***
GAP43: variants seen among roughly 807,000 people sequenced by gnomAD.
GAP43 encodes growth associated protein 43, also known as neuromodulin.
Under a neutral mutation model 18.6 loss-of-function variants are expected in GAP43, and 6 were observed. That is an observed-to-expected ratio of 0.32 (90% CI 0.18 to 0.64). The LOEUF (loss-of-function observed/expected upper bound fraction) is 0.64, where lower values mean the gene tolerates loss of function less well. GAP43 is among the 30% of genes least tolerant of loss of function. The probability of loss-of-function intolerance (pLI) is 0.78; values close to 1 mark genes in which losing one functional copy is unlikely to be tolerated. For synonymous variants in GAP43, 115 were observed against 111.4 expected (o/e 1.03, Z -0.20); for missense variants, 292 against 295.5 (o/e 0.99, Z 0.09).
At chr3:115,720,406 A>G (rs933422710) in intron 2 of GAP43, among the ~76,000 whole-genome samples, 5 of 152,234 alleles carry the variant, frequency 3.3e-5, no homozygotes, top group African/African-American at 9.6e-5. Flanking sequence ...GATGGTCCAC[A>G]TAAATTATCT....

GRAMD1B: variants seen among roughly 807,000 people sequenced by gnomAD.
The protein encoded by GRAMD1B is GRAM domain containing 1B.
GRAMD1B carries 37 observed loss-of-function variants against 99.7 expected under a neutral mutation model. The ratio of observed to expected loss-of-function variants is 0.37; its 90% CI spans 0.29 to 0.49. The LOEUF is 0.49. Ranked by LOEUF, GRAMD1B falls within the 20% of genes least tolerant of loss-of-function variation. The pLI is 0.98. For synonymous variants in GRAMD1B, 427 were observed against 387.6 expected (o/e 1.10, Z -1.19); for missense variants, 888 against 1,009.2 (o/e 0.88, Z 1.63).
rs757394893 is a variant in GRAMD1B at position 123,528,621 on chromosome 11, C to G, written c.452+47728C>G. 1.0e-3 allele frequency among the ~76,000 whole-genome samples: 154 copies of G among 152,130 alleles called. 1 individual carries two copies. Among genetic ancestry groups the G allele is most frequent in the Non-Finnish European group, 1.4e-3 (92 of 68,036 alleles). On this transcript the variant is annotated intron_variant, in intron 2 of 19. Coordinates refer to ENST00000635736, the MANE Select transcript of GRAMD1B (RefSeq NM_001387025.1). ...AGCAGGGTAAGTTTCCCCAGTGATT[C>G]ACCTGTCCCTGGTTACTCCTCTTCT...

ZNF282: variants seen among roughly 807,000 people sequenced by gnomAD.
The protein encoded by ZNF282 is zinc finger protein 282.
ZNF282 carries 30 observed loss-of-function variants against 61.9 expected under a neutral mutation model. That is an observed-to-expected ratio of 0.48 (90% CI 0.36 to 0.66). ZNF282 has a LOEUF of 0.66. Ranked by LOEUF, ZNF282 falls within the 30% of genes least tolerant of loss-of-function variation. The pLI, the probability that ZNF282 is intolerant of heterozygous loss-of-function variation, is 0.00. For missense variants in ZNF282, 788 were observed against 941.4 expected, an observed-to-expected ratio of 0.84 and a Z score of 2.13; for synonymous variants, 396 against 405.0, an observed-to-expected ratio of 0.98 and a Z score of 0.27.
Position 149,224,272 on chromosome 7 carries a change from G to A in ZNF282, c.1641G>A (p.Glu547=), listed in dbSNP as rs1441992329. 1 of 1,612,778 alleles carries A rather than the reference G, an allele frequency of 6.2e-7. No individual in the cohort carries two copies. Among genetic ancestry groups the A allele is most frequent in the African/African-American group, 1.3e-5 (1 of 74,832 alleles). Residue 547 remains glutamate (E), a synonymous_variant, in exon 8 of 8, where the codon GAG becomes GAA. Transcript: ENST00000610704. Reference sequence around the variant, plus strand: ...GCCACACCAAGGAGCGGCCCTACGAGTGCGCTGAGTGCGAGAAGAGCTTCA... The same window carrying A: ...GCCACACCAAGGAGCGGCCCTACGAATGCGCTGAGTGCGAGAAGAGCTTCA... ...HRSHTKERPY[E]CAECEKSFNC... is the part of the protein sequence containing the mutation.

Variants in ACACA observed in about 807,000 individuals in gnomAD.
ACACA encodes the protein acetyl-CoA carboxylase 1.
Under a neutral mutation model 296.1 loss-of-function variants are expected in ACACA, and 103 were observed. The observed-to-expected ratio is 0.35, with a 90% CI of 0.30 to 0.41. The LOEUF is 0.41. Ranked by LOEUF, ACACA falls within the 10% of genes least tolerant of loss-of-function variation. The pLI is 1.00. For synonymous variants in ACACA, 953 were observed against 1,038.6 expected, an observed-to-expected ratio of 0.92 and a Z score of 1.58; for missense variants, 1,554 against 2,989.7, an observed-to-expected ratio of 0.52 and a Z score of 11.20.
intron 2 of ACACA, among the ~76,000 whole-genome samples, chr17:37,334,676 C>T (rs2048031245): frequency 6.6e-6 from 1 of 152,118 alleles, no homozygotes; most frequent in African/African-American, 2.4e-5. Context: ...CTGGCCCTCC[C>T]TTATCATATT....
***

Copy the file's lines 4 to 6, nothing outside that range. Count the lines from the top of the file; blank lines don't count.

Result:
At chr3:115,720,406 A>G (rs933422710) in intron 2 of GAP43, among the ~76,000 whole-genome samples, 5 of 152,234 alleles carry the variant, frequency 3.3e-5, no homozygotes, top group African/African-American at 9.6e-5. Flanking sequence ...GATGGTCCAC[A>G]TAAATTATCT....

GRAMD1B: variants seen among roughly 807,000 people sequenced by gnomAD.
The protein encoded by GRAMD1B is GRAM domain containing 1B.